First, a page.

Your system just halted when your customers need it most. You just realized that someone just downloaded your bank information. Your computer just became a zombie and is now attacking other systems on the Internet. The life-support system in the hospital just administered the wrong medicine to a critically ill patient. You awaken in a cold sweat!
These nightmare scenarios ”and worse ”happen every day because users and managers do not understand how to make a computer system secure enough to provide assurable information systems. They make simple mistakes such as attaching a new computer system to the Internet without tightening it the operating system down. This makes as much sense as parking a new Porsche on a downtown street with the doors unlocked, keys in the ignition, and registration on the passenger seat.
In our day-to-day lives, we take basic precautions without even thinking. When you leave your house, you lock the doors. When you have unneeded copies of documents containing your bank account numbers , you shred them. When you park your car, you take your keys away with you. You should do the same for your computer.
Once you are aware of the potential problems, you learn how to protect your system. This book is an excellent resource for both the novice who wants to learn how to improve security and the expert who wants to make sure he has covered all the bases.
A secure operating system is the first line of defense for computer systems. This book provides
a unique perspective on securing Linux systems. The authors lead you through the critical steps to ensure your Linux based systems are secure.
Their concise style makes it clear that as you tighten down your system you must be able to enforce five primary security services: confidentiality, availability, integrity, nonrepudiation, and authentication.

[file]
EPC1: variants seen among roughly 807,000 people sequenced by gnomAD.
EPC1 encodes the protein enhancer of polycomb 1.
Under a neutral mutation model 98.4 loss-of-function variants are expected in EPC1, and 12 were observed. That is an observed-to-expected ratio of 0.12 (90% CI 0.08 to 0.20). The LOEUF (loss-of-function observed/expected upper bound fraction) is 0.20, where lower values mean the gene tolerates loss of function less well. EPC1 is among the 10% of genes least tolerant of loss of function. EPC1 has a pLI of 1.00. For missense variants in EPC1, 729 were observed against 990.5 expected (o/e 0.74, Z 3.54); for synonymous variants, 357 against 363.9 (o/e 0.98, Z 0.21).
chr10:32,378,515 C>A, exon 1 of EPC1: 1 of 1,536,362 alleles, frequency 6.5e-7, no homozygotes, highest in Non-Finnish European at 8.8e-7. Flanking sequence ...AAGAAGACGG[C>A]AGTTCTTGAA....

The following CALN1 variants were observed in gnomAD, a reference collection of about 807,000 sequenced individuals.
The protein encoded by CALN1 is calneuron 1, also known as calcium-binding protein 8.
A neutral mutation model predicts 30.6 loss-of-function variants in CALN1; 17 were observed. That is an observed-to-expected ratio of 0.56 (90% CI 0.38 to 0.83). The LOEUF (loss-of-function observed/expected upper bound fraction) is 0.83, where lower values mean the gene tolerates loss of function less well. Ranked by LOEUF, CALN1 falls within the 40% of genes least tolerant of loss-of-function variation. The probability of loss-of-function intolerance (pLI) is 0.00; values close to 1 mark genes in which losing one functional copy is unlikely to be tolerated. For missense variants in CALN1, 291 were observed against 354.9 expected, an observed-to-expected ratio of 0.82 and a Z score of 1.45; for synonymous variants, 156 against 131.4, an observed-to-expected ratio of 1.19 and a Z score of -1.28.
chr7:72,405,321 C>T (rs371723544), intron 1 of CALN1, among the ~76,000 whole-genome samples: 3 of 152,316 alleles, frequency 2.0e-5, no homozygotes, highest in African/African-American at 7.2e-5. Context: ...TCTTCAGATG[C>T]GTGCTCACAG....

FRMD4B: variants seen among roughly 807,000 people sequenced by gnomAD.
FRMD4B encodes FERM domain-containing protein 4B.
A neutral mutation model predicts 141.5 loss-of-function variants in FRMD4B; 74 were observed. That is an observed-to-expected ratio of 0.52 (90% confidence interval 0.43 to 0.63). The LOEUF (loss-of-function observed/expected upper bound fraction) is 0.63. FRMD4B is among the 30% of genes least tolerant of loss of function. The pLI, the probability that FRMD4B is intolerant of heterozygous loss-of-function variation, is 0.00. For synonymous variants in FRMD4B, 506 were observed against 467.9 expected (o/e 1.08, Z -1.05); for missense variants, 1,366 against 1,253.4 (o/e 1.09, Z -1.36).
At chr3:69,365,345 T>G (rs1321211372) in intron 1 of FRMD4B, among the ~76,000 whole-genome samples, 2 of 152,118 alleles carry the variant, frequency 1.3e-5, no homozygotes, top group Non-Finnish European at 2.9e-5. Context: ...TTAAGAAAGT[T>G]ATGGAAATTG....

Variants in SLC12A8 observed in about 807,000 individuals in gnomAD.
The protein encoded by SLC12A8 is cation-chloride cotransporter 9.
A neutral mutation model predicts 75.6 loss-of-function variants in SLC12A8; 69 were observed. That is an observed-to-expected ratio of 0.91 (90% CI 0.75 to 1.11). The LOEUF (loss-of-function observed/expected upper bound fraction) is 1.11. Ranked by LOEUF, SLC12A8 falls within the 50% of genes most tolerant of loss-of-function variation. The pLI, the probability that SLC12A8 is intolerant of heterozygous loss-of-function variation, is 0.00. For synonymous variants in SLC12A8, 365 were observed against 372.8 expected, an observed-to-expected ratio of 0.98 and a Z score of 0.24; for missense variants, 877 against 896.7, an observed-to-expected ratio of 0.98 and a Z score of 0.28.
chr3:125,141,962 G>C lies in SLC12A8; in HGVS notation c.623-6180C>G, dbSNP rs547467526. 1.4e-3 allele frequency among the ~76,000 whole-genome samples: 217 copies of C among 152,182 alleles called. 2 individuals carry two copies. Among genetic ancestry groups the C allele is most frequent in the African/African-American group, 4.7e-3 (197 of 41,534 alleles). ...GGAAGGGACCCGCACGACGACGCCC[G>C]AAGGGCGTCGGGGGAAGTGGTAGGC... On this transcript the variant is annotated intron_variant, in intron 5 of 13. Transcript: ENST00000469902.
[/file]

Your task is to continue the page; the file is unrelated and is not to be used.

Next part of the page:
These security services protect valuable information assets while they are transmitted, stored, and processed . For example, Chapter Two jumps right into the protection of transmitted data by hardening network access while Chapter Ten deals with communications security. Throughout the book, the protection of stored data is addressed in a straightforward discussion that includes cryptology tools. The integrity of the processing is dealt with a discussion of hardening the kernel and patch management.
The book is made more interesting with a clear discussion of security policies. Security policies provide a formal structure for secure operations. If the policies fail, you have to learn what to do to when your system has been compromised. The authors demonstrate how to employ monitoring techniques, how to determine system damage by keeping logs, and how to read these logs.
They even discuss the often-overlooked subject of building and justifying the budget. For most technologists, this is usually the last thing they think of. If management does not know how much security services cost, they will not pay the bill. The authors help the reader recognize that technological countermeasures must be complimented by getting management buy-in to the security process. Even if management knows what security services cost, they will not pay for something they do not understand. If they will not pay the bill, the technology will not be implemented and security program will fail.
As you read the book, keep looking for the three nformation states (transmission, storage, and process), five srvices, and three countermeasure (technology, policy, and training).